# build worker list
    workers = Array.new
    data["Workers"].each do |name, avail|
      worker = Worker.new(name)
      avail.each { |day, times| worker.can_work(day, times) }
      workers << worker
    # ...

That's all pretty basic. Check and display usage, if needed; load the YAML
representation of workers and schedule hours to be filled; anf finally, build an
Array of Worker objects that are aware of their availability and preferences.
Here's the YAML file I'm using:


    Wed: 9 AM to 6 PM
    Sun: 9 AM to 10 PM
    Thu: 9 AM to 8 PM
    Mon: 9 AM to 6 PM
    Tue: 9 AM to 6 PM
    Sat: 9 AM to 10 PM
    Fri: 9 AM to 6 PM
      Wed: any
      Sun: any (prefers before 5 PM)
      Thu: 12 PM to 3 PM
      Mon: before 3 PM (prefers before 12 PM)
      Tue: any
      Sat: not available
      Fri: 12 PM to 3 PM
      Wed: not available
      Sun: after 1 PM
      Thu: any (prefers 8 AM to 5 PM)
      Mon: any (prefers 8 AM to 5 PM)
      Tue: any (prefers 8 AM to 5 PM)
      Sat: any
      Fri: any (prefers 8 AM to 5 PM)

The next step is to build a schedule. Here's where I deviated from my original
plan. I realized that if I limit myself to just worrying about availability at
first, I can build a correct schedule in those terms as I load it. Here's how
that turns out:

    # ...

    # create a legal schedule, respecting availability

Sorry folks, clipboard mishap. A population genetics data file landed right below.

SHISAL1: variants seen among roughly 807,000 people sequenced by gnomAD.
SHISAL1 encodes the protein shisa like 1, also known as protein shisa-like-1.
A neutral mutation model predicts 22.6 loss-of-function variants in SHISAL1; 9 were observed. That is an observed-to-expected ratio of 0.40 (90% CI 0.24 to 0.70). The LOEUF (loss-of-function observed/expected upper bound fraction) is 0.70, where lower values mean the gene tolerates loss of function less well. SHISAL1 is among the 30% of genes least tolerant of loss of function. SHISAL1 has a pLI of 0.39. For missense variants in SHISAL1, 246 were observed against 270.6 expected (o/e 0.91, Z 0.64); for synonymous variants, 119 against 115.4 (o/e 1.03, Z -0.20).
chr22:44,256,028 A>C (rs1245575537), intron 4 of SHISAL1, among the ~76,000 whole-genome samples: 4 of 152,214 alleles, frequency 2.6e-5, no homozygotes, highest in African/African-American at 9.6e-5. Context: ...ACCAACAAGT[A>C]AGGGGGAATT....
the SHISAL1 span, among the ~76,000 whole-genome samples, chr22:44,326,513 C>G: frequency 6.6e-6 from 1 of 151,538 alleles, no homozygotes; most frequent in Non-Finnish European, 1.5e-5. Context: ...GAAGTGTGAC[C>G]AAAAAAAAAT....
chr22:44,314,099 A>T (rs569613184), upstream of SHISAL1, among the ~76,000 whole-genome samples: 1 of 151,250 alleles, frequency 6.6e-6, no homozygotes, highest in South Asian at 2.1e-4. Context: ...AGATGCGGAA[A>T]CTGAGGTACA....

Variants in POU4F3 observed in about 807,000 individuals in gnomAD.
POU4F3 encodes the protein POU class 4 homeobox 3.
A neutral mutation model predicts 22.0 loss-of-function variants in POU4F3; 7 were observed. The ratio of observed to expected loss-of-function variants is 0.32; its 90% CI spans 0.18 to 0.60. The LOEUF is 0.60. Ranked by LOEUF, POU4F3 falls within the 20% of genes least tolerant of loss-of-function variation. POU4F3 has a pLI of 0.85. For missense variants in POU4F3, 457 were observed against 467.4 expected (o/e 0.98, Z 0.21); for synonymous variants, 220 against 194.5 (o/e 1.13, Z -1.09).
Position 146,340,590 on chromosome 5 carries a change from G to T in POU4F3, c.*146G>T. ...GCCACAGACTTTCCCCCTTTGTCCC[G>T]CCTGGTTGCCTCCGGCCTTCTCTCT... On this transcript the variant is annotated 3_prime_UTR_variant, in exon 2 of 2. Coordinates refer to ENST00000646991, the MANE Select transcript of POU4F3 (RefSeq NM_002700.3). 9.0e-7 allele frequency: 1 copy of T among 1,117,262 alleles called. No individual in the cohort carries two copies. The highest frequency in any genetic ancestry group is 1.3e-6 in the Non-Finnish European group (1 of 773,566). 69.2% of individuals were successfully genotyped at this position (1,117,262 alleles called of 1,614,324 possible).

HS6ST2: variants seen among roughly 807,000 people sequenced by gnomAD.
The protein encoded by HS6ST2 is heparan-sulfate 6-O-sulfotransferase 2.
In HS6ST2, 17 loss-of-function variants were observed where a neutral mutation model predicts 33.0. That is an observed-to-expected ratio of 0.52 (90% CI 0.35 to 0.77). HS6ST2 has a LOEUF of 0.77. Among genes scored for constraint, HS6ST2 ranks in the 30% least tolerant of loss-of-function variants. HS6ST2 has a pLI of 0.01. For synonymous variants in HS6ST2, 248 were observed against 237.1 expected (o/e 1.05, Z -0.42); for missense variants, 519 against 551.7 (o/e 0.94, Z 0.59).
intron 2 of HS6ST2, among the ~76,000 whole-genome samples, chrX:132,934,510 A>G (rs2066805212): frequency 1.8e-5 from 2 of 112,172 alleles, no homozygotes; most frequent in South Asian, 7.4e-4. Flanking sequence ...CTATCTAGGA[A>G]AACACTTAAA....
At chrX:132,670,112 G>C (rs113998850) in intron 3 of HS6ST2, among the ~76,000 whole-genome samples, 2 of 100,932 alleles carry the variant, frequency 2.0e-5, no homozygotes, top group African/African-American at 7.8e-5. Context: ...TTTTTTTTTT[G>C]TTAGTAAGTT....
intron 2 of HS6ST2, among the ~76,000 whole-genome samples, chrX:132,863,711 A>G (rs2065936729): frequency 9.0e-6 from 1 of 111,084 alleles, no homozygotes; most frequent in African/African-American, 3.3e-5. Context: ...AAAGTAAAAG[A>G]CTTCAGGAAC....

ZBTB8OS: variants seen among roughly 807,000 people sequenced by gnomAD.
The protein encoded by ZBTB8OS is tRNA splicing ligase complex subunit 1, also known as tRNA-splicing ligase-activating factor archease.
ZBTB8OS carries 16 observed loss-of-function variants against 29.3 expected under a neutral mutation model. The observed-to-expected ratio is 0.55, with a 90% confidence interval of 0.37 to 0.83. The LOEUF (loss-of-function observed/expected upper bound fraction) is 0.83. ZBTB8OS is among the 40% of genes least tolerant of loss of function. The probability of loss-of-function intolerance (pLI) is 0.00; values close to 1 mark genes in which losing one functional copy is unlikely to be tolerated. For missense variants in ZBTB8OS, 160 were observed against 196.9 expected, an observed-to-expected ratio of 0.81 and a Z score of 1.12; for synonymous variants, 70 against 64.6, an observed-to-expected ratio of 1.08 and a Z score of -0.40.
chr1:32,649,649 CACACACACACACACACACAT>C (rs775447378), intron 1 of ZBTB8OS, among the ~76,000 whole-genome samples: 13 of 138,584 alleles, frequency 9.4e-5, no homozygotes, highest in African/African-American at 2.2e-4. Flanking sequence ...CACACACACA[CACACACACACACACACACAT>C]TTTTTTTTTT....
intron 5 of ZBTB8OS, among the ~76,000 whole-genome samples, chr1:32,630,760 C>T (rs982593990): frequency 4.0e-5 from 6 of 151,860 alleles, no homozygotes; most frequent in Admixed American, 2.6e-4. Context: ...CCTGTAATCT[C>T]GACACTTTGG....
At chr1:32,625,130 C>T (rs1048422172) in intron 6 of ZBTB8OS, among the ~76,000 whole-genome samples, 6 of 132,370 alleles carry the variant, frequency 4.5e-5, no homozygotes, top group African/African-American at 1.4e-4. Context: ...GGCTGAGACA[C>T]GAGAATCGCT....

schedule = Hash.new
    data["Schedule"].each do |day, times|
      schedule[day] = Array.new
      if times =~ /^\s*(\d+ [AP]M) to (\d+ [AP]M)\b/i
        start, finish = Hour.new($1), Hour.new($2)
        raise "Unexpected schedule format."

      (start..finish).each do |hour|
        started_with = workers.first
        loop do
          if workers.first.available? day, hour
            schedule[day] << [hour, workers.first]
            workers << workers.shift
            if workers.first == started_with
              schedule[day] << [hour, "No workers available!"]
      workers << workers.shift
    # ...

A schedule is a Hash that stores day names paired with Arrays of Arrays. The
Arrays are a collection of Hour and Worker pairs, showing who is scheduled to
work at that time.

The second half of that code is what assembles the initial schedule. It just
walks every hour of every day assigning a worker. It starts with the first
worker in the list and keeps assigning them until them end of the day or until
the worker has a schedule conflict. Anytime either of those conditions happens,